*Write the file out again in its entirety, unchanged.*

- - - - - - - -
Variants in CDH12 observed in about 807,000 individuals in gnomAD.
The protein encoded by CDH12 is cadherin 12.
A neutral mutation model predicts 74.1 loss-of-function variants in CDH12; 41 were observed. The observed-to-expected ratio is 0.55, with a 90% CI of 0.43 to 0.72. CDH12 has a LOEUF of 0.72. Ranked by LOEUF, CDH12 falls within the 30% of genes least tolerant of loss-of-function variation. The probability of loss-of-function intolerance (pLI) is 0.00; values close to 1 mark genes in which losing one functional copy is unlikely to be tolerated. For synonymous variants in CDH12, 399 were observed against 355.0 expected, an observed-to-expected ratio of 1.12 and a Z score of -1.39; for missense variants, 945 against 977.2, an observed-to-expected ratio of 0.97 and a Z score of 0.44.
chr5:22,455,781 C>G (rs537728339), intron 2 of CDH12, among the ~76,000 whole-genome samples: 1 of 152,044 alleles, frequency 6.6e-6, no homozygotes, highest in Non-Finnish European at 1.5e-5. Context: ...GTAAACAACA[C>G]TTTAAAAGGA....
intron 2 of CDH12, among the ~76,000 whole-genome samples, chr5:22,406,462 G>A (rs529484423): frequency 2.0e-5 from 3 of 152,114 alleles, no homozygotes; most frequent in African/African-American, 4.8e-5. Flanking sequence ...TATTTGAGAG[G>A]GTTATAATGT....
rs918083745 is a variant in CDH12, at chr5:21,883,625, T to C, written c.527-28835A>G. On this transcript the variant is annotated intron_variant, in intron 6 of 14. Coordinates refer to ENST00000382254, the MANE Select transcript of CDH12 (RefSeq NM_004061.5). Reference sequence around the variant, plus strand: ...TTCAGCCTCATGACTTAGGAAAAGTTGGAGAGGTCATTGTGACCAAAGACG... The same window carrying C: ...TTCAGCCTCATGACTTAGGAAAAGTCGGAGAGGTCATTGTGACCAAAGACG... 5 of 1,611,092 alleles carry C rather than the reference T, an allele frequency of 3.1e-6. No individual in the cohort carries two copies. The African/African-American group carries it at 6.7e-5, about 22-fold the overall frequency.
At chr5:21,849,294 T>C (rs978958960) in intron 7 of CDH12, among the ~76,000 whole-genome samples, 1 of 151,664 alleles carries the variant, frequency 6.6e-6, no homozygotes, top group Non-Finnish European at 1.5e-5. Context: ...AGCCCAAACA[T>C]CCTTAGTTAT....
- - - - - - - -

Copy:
Variants in CDH12 observed in about 807,000 individuals in gnomAD.
The protein encoded by CDH12 is cadherin 12.
A neutral mutation model predicts 74.1 loss-of-function variants in CDH12; 41 were observed. The observed-to-expected ratio is 0.55, with a 90% CI of 0.43 to 0.72. CDH12 has a LOEUF of 0.72. Ranked by LOEUF, CDH12 falls within the 30% of genes least tolerant of loss-of-function variation. The probability of loss-of-function intolerance (pLI) is 0.00; values close to 1 mark genes in which losing one functional copy is unlikely to be tolerated. For synonymous variants in CDH12, 399 were observed against 355.0 expected, an observed-to-expected ratio of 1.12 and a Z score of -1.39; for missense variants, 945 against 977.2, an observed-to-expected ratio of 0.97 and a Z score of 0.44.
chr5:22,455,781 C>G (rs537728339), intron 2 of CDH12, among the ~76,000 whole-genome samples: 1 of 152,044 alleles, frequency 6.6e-6, no homozygotes, highest in Non-Finnish European at 1.5e-5. Context: ...GTAAACAACA[C>G]TTTAAAAGGA....
intron 2 of CDH12, among the ~76,000 whole-genome samples, chr5:22,406,462 G>A (rs529484423): frequency 2.0e-5 from 3 of 152,114 alleles, no homozygotes; most frequent in African/African-American, 4.8e-5. Flanking sequence ...TATTTGAGAG[G>A]GTTATAATGT....
rs918083745 is a variant in CDH12, at chr5:21,883,625, T to C, written c.527-28835A>G. On this transcript the variant is annotated intron_variant, in intron 6 of 14. Coordinates refer to ENST00000382254, the MANE Select transcript of CDH12 (RefSeq NM_004061.5). Reference sequence around the variant, plus strand: ...TTCAGCCTCATGACTTAGGAAAAGTTGGAGAGGTCATTGTGACCAAAGACG... The same window carrying C: ...TTCAGCCTCATGACTTAGGAAAAGTCGGAGAGGTCATTGTGACCAAAGACG... 5 of 1,611,092 alleles carry C rather than the reference T, an allele frequency of 3.1e-6. No individual in the cohort carries two copies. The African/African-American group carries it at 6.7e-5, about 22-fold the overall frequency.
At chr5:21,849,294 T>C (rs978958960) in intron 7 of CDH12, among the ~76,000 whole-genome samples, 1 of 151,664 alleles carries the variant, frequency 6.6e-6, no homozygotes, top group Non-Finnish European at 1.5e-5. Context: ...AGCCCAAACA[T>C]CCTTAGTTAT....